12July 2019 : Hioki Launches Current Probe CT6710 and CT6711! New Current Probes Deliver Broad Waveform Observation Capabilities Ranging From 30 A to Micro Currents

HIOKI is pleased to announce the launch of the Current Probe CT6710 and CT6711. Both products provide three ranges (30 A, 5 A, and 0.5 A) to facilitate observation of waveforms representing currents as large as 30 A or as small as several hundred microamperes. This capability makes the probes ideal for observing current waveforms under a variety of operating conditions, including inrush currents*1, micro currents, and high-speed currents*2.


Current probes convert the current flowing through a wire into a voltage signal.  They are connected to data acquisition equipment such as oscilloscopes and Hioki Memory HiCorders so that those devices can display the current waveform, and are used principally in the development and design of products such as electrical and electronic devices, industrial equipment, and electronic components.

In recent years, manufacturers in every industrial sector have redoubled their efforts to save energy, for example by increasing energy efficiency and by lowering power consumption. This renewed focus has made it necessary for engineers involved in device and component R&D to observe abrupt changes in currents, rapid variations in operating currents, and micro currents, creating demand for probes with broader current and frequency coverage.

Since launching its first clamp-on tester in 1971, HIOKI has developed numerous current sensors for use in a variety of applications. In 2014, the company sought to meet customer demand for high sensitivity by introducing a pair of current probes (the CT6700/CT6701) with 10 times the sensitivity of the legacy models (the 3273/3276). However, the new devices’ current-measuring capabilities were limited by its single range (5 A) configuration even as demand for a single probe capable of measuring both micro and large currents grew. To meet this demand, HIOKI sought to develop a current probe with a wide frequency band (DC to 120 MHz) and a broad measurement range (0.5 A to 30 A).

1. Observe waveforms from 30 A to micro currents thanks to 3 ranges (30 A, 5 A, and 0.5 A)
Existing current probes such as the Hioki CT6700 and CT6701 offer a single, 5 A range. The new CT6710 and CT6711 provides three ranges (30 A, 5 A, and 0.5 A) so that users can observe a wide range of current waveforms with one device. The result is an instrument capable of accurately identifying currents under various operating conditions, for example by using the 0.5 A range to measure micro currents and the 30 A range to measure inrush currents.  In addition, the range can be switched simply by pressing a button on the probe’s relay box.

 2. Observe current waveforms across a wide frequency band

The CT6710 and CT6711 can observe current waveforms across a wide frequency band, from DC to megahertz bandwidths. With a band of either DC to 50 MHz (CT6710) or DC to 120 MHz (CT6711), the probes accommodate use in an array of settings.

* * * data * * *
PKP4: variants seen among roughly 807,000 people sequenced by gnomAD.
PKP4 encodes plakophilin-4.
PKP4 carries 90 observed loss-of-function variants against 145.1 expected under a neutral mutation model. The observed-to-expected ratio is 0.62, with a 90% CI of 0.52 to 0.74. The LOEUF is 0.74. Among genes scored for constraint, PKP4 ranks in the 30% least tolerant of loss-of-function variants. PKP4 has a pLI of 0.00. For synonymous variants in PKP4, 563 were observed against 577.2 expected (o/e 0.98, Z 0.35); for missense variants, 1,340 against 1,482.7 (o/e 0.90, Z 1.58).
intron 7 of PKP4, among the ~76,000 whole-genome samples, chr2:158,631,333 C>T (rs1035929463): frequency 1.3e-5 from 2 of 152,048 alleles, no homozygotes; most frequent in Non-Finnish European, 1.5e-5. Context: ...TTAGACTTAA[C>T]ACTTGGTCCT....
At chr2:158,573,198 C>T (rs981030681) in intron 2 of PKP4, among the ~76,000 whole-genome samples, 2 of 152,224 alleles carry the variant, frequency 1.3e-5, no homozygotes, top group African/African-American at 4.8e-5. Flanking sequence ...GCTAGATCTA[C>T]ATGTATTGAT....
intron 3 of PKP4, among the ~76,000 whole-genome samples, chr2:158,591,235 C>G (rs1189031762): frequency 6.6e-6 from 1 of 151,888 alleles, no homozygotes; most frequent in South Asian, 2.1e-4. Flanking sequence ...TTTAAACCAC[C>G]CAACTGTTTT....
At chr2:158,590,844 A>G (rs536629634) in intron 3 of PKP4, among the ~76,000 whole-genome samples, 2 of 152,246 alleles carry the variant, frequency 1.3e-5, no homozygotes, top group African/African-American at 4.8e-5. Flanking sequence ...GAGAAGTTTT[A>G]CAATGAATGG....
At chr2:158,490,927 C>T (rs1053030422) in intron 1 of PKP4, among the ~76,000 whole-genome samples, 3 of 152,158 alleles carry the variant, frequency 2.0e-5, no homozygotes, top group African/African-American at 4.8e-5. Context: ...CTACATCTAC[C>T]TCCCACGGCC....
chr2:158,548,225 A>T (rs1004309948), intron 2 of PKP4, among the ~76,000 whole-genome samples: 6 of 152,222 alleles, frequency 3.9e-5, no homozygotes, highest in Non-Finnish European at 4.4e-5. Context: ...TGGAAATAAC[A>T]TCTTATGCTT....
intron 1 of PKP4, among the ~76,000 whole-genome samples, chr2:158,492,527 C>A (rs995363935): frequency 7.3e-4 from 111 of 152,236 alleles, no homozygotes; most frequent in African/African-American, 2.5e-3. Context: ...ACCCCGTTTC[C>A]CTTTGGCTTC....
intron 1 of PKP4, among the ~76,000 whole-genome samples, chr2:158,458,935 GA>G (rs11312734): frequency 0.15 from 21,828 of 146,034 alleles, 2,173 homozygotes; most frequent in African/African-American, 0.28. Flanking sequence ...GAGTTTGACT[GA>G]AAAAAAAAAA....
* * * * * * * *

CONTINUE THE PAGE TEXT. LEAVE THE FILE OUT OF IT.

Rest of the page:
3. Ten times the sensitivity of existing and comparable probes, enabling micro currents on the order of several hundred microamperes to be observed clearly

Because they offer higher sensitivity than existing devices, the CT6710 and CT6711 can observe micro currents with a high degree of clarity.  The output rate of 1 V/A on the sister products, CT6701 and CT6700, as well as competitive devices means that they generate an output voltage of 1 V for a current value of 1 A.  At this low output rate, users need to set the oscilloscope to a high-sensitivity range where noise is more pronounced, resulting in the inability to precisely identify micro currents that are hidden by the  noise. By contrast, the CT6710 and CT6711 deliver an output rate of 10 V/A when using the 0.5 A range, giving them 10 times the sensitivity of prior Hioki probes.  The higher output rate enables users to make measurements at the low-sensitivity range where noise is less noticeable.   Additionally, overall improvements in the probes’ S/N ratio*3 allow use of oscilloscope functionality*4 to observe micro current waveforms with a high degree of clarity.

4. One-touch BNC connectors

Connect the CT6710 or CT6711 to an oscilloscope or Memory HiCorder simply by inserting its connector straight into the host instrument’s BNC connector, eliminating the need to rotate to tighten. Additionally, the connector is locked in place automatically so that there’s no need to worry about the sensor accidentally detaching. One-touch disengagement of the locking mechanism makes it easy to disconnect the probe.


  • Development and design of electrical and electronic devices, industrial devices, electronic components, mobile devices, etc.
  • Development and design of automobiles, transport equipment, and motors
  • Fundamental research at universities, research institutes, etc.



CURRENT PROBE CT6711 (DC to 120 MHz)

Note: Use the optional Power Supply 3269 to drive the current probe when power from the Memory HiCorder or oscilloscope is not available.

POWER SUPPLY 3269  (designed to accommodate up to two probes)

Download the product catalog here: Current Probe CT6710 and CT6711

*1 Inrush current: A large current that flows momentarily when power is first supplied to an electrical device.

*2 High-speed current: A current that rises or falls abruptly. Some devices need to be able to cycle current on and off quickly in order to improve energy efficiency.

*3 S/N ratio: The ratio of a signal to the amount of noise. The higher the S/N ratio, the less the noise, allowing high-quality signal measurement.

*4: Oscilloscope averaging function or band-limiting function.